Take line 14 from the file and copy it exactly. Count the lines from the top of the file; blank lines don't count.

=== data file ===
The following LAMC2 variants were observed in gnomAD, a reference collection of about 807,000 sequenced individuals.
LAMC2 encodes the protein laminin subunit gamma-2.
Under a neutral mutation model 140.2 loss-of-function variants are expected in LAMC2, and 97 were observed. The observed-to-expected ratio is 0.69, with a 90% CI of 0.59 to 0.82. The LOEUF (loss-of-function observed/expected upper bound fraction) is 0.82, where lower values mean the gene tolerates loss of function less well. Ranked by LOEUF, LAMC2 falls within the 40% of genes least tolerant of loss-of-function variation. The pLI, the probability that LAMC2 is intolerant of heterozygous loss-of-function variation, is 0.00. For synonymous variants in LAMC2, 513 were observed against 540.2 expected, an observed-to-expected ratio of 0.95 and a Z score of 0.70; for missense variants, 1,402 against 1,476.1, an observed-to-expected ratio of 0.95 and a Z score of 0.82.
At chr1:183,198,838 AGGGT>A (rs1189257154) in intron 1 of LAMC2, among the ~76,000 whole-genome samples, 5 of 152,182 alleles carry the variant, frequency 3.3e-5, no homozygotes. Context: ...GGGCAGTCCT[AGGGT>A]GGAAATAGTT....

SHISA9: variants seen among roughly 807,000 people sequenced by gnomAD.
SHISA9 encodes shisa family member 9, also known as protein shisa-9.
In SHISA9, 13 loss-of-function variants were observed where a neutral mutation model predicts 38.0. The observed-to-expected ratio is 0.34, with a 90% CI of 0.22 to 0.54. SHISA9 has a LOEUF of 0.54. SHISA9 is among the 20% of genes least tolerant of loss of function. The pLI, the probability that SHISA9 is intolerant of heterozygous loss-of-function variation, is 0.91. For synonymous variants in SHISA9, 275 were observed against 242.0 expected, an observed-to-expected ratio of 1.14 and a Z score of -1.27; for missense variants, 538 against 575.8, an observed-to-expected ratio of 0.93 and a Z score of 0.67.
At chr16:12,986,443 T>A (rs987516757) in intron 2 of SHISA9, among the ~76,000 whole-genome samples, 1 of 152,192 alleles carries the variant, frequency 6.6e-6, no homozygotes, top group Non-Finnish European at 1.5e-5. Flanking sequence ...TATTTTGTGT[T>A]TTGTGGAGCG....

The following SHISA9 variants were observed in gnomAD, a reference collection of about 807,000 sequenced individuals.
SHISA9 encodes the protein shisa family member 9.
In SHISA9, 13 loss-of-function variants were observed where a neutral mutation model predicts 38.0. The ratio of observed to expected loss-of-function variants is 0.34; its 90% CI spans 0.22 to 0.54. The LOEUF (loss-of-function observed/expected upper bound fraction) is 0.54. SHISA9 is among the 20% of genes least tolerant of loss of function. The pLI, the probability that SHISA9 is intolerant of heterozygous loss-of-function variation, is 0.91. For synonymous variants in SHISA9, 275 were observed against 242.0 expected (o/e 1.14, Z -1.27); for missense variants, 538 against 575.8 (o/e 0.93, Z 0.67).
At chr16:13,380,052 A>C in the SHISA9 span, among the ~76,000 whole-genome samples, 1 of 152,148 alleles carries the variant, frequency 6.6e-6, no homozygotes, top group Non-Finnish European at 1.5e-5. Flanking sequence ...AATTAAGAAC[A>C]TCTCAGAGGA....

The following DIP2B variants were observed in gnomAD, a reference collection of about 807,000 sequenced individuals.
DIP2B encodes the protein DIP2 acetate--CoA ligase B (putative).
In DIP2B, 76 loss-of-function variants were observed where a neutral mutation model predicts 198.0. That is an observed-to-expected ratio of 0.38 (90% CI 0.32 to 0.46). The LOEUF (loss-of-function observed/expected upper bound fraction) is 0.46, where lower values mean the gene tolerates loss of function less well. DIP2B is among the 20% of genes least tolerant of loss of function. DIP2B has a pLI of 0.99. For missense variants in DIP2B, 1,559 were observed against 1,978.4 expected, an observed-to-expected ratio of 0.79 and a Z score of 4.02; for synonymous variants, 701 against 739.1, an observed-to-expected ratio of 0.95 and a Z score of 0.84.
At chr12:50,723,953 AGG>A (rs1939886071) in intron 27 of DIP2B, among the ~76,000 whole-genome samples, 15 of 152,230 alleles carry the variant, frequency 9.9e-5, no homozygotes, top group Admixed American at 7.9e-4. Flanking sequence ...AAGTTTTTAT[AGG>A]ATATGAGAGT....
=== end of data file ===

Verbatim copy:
DIP2B encodes the protein DIP2 acetate--CoA ligase B (putative).